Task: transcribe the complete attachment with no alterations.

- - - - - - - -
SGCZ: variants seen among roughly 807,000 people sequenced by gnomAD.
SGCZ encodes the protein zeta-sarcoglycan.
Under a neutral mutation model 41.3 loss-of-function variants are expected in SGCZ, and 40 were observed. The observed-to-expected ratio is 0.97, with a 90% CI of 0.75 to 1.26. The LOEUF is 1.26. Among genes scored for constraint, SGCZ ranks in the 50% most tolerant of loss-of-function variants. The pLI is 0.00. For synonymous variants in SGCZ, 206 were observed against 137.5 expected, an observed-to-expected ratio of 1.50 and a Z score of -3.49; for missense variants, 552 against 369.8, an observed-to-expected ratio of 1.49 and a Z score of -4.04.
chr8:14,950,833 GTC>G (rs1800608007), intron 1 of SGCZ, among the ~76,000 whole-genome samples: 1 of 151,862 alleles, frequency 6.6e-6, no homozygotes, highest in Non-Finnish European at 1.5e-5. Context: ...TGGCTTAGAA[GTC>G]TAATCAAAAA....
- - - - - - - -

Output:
SGCZ: variants seen among roughly 807,000 people sequenced by gnomAD.
SGCZ encodes the protein zeta-sarcoglycan.
Under a neutral mutation model 41.3 loss-of-function variants are expected in SGCZ, and 40 were observed. The observed-to-expected ratio is 0.97, with a 90% CI of 0.75 to 1.26. The LOEUF is 1.26. Among genes scored for constraint, SGCZ ranks in the 50% most tolerant of loss-of-function variants. The pLI is 0.00. For synonymous variants in SGCZ, 206 were observed against 137.5 expected, an observed-to-expected ratio of 1.50 and a Z score of -3.49; for missense variants, 552 against 369.8, an observed-to-expected ratio of 1.49 and a Z score of -4.04.
chr8:14,950,833 GTC>G (rs1800608007), intron 1 of SGCZ, among the ~76,000 whole-genome samples: 1 of 151,862 alleles, frequency 6.6e-6, no homozygotes, highest in Non-Finnish European at 1.5e-5. Context: ...TGGCTTAGAA[GTC>G]TAATCAAAAA....